The only man to have shared a ring with both Ray Mancini and Ken Buchanan will join them at the top table in Cannock next week.
Englishman George Feeney asked questions of both former world champions in separate bouts after they touched gloves, writes Your Sport Black Country editor Craig Birch.
Former British title holder and European contender Feeney, now aged 60, will travel down again from Hartlepool in County Durham.
He and Mancini return to Bar Sport nearly two years after their first reunion on Wednesday September 13, with another old rival in attendance.
Scotland’s Ken Buchanan was once the undisputed ruler in their division of lightweight and will also be at the gala dinner in the Premier Suite at Scott Murray’s popular venue.
Another one-time world champion in Richie Woodhall, from Telford, will lead the way in a question and answer session.
‘Tartan Legend’ Buchanan, regarded as his country’s most successful boxer, bossed his weight when he unified the WBA and WBC belts.
They were the only two world governing bodies, at the time, with the IBF and WBO to follow in the 1980s, along with other lesser-regarded outfits. Buchanan held both belts in 1971.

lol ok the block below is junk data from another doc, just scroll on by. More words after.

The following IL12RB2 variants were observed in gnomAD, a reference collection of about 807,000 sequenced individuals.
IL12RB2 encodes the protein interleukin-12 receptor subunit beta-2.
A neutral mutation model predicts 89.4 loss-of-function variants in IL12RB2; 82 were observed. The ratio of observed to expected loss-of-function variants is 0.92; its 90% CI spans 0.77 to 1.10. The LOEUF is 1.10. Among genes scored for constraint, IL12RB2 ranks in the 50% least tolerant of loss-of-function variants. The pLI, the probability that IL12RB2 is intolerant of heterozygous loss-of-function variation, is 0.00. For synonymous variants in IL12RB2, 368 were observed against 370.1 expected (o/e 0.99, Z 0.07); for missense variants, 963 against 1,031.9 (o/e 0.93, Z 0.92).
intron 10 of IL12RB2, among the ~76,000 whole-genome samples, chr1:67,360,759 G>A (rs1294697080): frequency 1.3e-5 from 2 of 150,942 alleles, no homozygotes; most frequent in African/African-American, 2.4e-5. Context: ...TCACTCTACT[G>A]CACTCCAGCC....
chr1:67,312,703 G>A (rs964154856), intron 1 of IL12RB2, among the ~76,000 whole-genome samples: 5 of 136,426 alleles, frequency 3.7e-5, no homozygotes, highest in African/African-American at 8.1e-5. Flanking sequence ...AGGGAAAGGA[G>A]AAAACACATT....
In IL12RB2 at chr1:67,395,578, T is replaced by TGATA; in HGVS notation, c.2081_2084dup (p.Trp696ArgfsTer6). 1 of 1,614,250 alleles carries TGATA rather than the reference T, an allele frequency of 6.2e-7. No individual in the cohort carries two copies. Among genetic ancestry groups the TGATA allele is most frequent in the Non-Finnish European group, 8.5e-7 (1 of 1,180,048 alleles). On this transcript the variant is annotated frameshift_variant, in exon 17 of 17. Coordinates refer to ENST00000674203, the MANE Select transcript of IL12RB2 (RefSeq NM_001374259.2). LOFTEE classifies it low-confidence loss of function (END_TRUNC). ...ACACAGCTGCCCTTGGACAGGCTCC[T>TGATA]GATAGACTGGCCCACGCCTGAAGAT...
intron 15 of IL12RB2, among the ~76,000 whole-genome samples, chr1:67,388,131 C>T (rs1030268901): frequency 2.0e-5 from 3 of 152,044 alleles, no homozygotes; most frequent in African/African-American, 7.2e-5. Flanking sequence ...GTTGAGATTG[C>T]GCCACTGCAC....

The Scot would never become a world champion again, although he did later seize the European strap.
It was at the second attempt, after a losing effort on points in 1970. He had been a British and Scottish area title holder, too.
Mancini was one of his successors as WBA boss, with the two coming across a common opponent in Feeney.
Buchanan, who is now 72, hung up his gloves in 1982 after being outpointed by Feeney, who then lost to Mancini over the distance in Italy the following year.
Both are International Hall of Famers, Buchanan inducted in 2000 with Mancini joining him in 2015. Buchanan had previously been made an MBE in 1971.
Italian-American Mancini, 56, would claim the WBA crown in his second world title shot, with a stunning first round TKO against Arturo Frias in 1982.
His tenure lasted two years with three defences, the second tragic as Duk Koo Kim lost his life as a result of their contest.
The South Korean opponent sustained brain injuries that he died from four days later, which affected Mancini so much he suffered from depression.
To make matters worse, Kim’s mother committed suicide four months, while the bout’s referee Richard Green killed himself in July 1983.
The WBC took steps to shorten the distance of it’s title fights as a direct result. The WBA and WBO followed in 1988, as did the IBF in 1989.
Mancini auditioned for the role of Mr Pink in hit gangster movie Reservoir Dogs and got into a fiery argument with director Quentin Tarantino when Steve Buscemi landed the part.
Tickets for the event in Cannock are still on sale, starting from £45. The ‘platinum’ option includes a seat in the main function room and five-course meal.
A ‘silver’ pass is £65, with the same benefits plus a professional photograph with Mancini and Buchanan. ‘Gold,’ at £100, allows entry to a private meet and greet beforehand.
For more information and to book places for the show, get in touch with Bar Sport directly by calling 01543 572 092